LINC12H3 Chapter Notes - Chapter 2: Word-Sense Disambiguation, Semasiology, Lexicography

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28 Feb 2013
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Chapter 2
Meaning and the dictionary
concept of words meaning linked to concept of definition - Aristotle
linguistic ideology - complex of pretheoretical ideas about the nature and role of
language
Semantics and lexicography
lexicography - dictionary writing, practical work to put together a book people can
understand, not theoretical
linguistic semantic - is theoretical, language is diff from a dictionary because it is a
sum of impressions deposited in the brain of each member, dictionary has identical
copies
mental lexicon - stock of words and associated meaning in the brain
semantics goal then is to specify the stored meaning representation associated with
each lexeme in the mental lexicon
History of the dictionary
o monolingual dictionaries didn’t exist until 16th century in the West
o glossaries or word lists used before
o modern monolingual dictionary for people who wanted guidance in language
they already spoke
o definitions found in dictionaries are result of word based or semasiological
approach to meaning
starts with languages lexemes and specifies meaning of each one, specifies
differences between words
onomasiological approach opposite of semasiological, starts with meaning
and lists all possible forms available in the language for expression,
emphasizes similarities
difference between the two approaches corresponds to difference between
a dictionary and thesaurus, semasiological = dictionary
Units of Meaning
Defining what a word is is hard to do by looking at writing is because of two
reasons
o Speakers of the same language from different regions of a country
could classify what a word is differently (writing the sentence
differently)
o Orthographic practices are unstable
‘potential pause’ – words are units before and/or after which pauses can be
found in spoken language (cant be used for morphologically complex
languages like English)
word as minimum free form (bloomfield) minimal unit which may appear
on its own without any additional grammatical material ---INSUFFICIENT for
words like the, of, is
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2 levels words can be defined phonological (calculating stress syllables),
grammatical (cohesiveness, fixed order and conventionalized coherence and
meaning)
Mismatches between grammatical and phonological words
Morpheme minimal meaning bearing unit, below lexeme
Above the word level, there are phrasal verbs (touch down, get on with, play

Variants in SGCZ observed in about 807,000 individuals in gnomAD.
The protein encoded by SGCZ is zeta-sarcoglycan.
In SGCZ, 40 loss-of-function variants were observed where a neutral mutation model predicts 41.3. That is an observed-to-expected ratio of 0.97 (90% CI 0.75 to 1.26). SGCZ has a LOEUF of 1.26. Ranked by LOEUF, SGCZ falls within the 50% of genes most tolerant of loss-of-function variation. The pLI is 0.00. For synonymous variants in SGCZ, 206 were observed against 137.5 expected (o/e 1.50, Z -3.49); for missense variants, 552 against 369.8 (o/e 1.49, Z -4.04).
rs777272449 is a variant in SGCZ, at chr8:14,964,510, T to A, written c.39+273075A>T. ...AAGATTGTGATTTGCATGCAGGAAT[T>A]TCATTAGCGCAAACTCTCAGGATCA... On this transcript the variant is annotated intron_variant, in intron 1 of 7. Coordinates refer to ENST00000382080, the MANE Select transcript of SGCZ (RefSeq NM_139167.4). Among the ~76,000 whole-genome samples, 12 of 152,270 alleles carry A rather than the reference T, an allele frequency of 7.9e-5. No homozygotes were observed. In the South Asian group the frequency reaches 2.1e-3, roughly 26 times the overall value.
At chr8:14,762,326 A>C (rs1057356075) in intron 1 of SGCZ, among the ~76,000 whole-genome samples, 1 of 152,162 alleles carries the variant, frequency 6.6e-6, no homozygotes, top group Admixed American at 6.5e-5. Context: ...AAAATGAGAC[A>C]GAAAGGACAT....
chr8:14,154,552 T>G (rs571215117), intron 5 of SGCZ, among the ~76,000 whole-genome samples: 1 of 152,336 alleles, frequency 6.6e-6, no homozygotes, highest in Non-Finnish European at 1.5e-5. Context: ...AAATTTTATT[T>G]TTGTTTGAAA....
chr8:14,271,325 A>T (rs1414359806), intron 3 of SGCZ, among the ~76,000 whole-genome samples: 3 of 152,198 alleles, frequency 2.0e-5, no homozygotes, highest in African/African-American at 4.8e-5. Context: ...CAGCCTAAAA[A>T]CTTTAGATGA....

around) and noun compounds (tree house, space age, tennis match) where a
single meaning comes from both words
Sound Symbolism (ideophony/onomatopoeia)
Semi-systematic correspondences between certain sounds and meanings
(clash, clang, clatter)
Possible connection might be the acoustic quality of fricative and irregular
sound of referent
Meanings above word level Idioms
non compositional phrases (throw in the towel, break a leg) whose overall
meaning isn’t the same as the combined meaning of its individual parts
we can solve the problem of non compositionality by interpreting it partly
compositional
idiom can also be non compositional morphemes (sublexical) ‘able’
considerable, fashionable
o noun incorporation independent noun stems compounded with a
verb stem to produce a larger, derived verbs
Contextual modulation of meaning
Collocation immediate linguistic context in which words/morphemes occur
Variation occurs in all of language
I cut my foot…vs I cut the grass/I cut the diamond….nature of the event
varies, by means by which it is accomplished, its extent of deliberateness
o Contextual modulation of meaning degree of semantic difference
gets even greater if we consider more extended meanings (cut
corners, cut a deal)
Compositionality
o General Meaning hypothesis cut may have same vague meaning in
all its different collocations (cut my foot, cut a diamond), it refers to
the same act (material breach)
PROBLEM =definition is not adequate for all situations, too
general and fail to distinguish differences between verbs in
same semantic field
o Multiple meaning hypothesis cut may have a separate meaning in
each collocation cut ones foot = accidental, cut a diamond=
deliberate
PROBLEM= sheer number of different senses attributing to a
verb, how do we ascribe the correct specific meaning in each
given case with all the different senses the verb has?...
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